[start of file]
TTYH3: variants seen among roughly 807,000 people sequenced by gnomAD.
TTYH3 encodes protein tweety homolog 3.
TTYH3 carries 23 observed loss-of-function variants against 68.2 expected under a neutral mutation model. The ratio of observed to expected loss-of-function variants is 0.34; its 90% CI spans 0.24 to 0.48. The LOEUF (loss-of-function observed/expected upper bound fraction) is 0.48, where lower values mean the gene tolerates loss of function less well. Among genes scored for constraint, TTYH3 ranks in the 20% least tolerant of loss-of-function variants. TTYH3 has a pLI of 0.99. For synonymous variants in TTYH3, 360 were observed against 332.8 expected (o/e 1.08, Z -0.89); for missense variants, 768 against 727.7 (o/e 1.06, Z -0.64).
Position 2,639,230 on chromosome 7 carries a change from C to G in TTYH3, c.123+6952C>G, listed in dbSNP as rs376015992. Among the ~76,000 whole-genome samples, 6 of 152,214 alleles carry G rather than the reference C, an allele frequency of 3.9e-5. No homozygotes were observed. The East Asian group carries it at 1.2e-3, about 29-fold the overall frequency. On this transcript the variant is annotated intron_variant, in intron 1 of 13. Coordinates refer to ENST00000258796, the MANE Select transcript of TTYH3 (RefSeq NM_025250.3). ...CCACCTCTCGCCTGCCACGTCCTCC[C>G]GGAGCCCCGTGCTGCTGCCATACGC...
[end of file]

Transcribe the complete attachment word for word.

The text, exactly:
TTYH3: variants seen among roughly 807,000 people sequenced by gnomAD.
TTYH3 encodes protein tweety homolog 3.
TTYH3 carries 23 observed loss-of-function variants against 68.2 expected under a neutral mutation model. The ratio of observed to expected loss-of-function variants is 0.34; its 90% CI spans 0.24 to 0.48. The LOEUF (loss-of-function observed/expected upper bound fraction) is 0.48, where lower values mean the gene tolerates loss of function less well. Among genes scored for constraint, TTYH3 ranks in the 20% least tolerant of loss-of-function variants. TTYH3 has a pLI of 0.99. For synonymous variants in TTYH3, 360 were observed against 332.8 expected (o/e 1.08, Z -0.89); for missense variants, 768 against 727.7 (o/e 1.06, Z -0.64).
Position 2,639,230 on chromosome 7 carries a change from C to G in TTYH3, c.123+6952C>G, listed in dbSNP as rs376015992. Among the ~76,000 whole-genome samples, 6 of 152,214 alleles carry G rather than the reference C, an allele frequency of 3.9e-5. No homozygotes were observed. The East Asian group carries it at 1.2e-3, about 29-fold the overall frequency. On this transcript the variant is annotated intron_variant, in intron 1 of 13. Coordinates refer to ENST00000258796, the MANE Select transcript of TTYH3 (RefSeq NM_025250.3). ...CCACCTCTCGCCTGCCACGTCCTCC[C>G]GGAGCCCCGTGCTGCTGCCATACGC...